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Arcimboldo's Gift: The Fantastical Beginnings of His Composite Portraits

The great painter Giuseppe Arcimboldo created numerous pieces in his time at the courts of his patrons Maxmilian I and Rudolf II, but left a legacy primarily in a single, inventive category of painting: composite portraits. Painstakingly composed of individual studies of nature and living things that together create the human form, Arcimboldo’s composite heads created a new intersection between the scientific study of naturalia and the age-old practice of painting the human figure. Like the kunstkammers and wunderkammers of the time, Arcimboldo's paintings managed to combine the natural, the artificial and the fantastical in singular compositions that did not have a contemporary comparison. Since their conception, Arcimboldo’s composite portraits have captivated, amused and puzzled centuries of viewers.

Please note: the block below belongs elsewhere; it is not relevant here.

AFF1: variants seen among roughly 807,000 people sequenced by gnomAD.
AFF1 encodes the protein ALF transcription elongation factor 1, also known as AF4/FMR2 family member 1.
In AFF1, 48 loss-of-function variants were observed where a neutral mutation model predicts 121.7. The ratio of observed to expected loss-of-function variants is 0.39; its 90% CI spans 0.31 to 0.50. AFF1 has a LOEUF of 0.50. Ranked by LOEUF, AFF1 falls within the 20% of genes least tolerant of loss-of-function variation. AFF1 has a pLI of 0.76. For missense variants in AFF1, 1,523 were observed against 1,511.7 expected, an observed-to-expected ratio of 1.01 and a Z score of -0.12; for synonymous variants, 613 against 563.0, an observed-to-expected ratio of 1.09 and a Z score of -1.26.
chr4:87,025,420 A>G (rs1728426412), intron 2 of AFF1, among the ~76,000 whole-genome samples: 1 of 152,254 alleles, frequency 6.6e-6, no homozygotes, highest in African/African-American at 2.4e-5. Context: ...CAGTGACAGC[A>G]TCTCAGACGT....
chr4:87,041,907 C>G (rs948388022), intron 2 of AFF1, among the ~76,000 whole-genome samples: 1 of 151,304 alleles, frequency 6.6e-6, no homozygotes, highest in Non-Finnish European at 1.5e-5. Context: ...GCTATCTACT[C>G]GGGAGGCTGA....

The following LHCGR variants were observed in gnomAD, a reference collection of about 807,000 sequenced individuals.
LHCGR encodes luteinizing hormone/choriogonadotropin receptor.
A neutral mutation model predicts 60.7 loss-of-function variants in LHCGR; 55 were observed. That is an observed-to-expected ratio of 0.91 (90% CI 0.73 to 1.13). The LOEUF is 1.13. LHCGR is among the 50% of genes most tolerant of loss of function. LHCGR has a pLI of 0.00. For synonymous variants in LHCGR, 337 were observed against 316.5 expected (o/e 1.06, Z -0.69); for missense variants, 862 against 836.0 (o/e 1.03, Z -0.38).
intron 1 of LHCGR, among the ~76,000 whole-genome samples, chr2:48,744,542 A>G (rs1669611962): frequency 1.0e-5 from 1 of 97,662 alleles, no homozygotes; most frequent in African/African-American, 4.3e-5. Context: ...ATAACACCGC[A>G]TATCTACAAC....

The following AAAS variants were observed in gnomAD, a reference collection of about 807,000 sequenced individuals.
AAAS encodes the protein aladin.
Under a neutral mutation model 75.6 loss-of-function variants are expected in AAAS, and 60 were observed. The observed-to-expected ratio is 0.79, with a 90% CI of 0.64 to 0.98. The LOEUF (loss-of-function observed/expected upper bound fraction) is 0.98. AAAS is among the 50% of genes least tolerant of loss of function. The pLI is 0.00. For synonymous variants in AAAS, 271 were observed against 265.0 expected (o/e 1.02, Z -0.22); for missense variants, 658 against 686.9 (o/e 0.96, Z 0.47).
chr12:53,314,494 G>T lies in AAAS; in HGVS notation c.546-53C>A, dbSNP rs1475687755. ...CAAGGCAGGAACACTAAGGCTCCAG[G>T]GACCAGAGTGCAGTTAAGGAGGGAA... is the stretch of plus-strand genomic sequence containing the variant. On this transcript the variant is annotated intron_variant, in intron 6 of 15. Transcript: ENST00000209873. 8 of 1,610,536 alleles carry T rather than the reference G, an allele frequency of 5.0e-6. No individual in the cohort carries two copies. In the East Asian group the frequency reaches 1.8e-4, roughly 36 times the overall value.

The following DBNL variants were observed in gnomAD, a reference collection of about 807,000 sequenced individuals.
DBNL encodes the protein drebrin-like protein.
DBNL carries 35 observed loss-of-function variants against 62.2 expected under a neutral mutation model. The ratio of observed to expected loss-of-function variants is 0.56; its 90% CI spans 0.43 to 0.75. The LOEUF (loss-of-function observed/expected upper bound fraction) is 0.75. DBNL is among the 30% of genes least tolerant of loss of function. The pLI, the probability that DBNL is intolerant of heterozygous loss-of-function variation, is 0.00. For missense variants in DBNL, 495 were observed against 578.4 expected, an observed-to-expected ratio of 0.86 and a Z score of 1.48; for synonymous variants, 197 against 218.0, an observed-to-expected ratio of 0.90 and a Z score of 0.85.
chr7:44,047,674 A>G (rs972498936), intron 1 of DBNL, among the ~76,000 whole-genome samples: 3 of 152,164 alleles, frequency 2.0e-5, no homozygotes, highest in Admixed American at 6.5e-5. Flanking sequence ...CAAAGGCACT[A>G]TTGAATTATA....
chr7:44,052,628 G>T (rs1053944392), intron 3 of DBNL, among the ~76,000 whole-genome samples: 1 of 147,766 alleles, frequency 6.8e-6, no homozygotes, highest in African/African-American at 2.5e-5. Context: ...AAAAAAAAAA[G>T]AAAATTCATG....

Arcimboldo’s earliest composite paintings date back to two series completed in the 1560s: Four Seasons, finished in 1563, and Four Elements, finished in 1566. Four Seasons represents Arcimboldo’s first foray into composite portraits. Comprised of four separate paintings, each image represents either a man or woman composed of the various crops available during that season. Four Elements, like Four Seasons, draws its inspiration from a similar theme. Rather than finding its pieces in the earth, however, Arcimboldo draws from the animal world to create its series of figures.

While at first glance the only relation between these two series is in their conception as composite portraits, there is more to their interaction and presentation as one. In 1569, the two series, accompanied by a poem composed by G.B. Fonteo, were given as a gift to Arcimboldo’s patron, the Hapsburg emperor Maximilian II. Through this gift, the two series interact not only with the viewer, but also with each other. Portraits that previously existed as singular entities in their own set can now be presented as pairs that cross series, genders, elements, seasons and placement. Presented as the sole focus of an exhibition for the first time, this is Arcimboldo’s Gift.


Casey Federbusch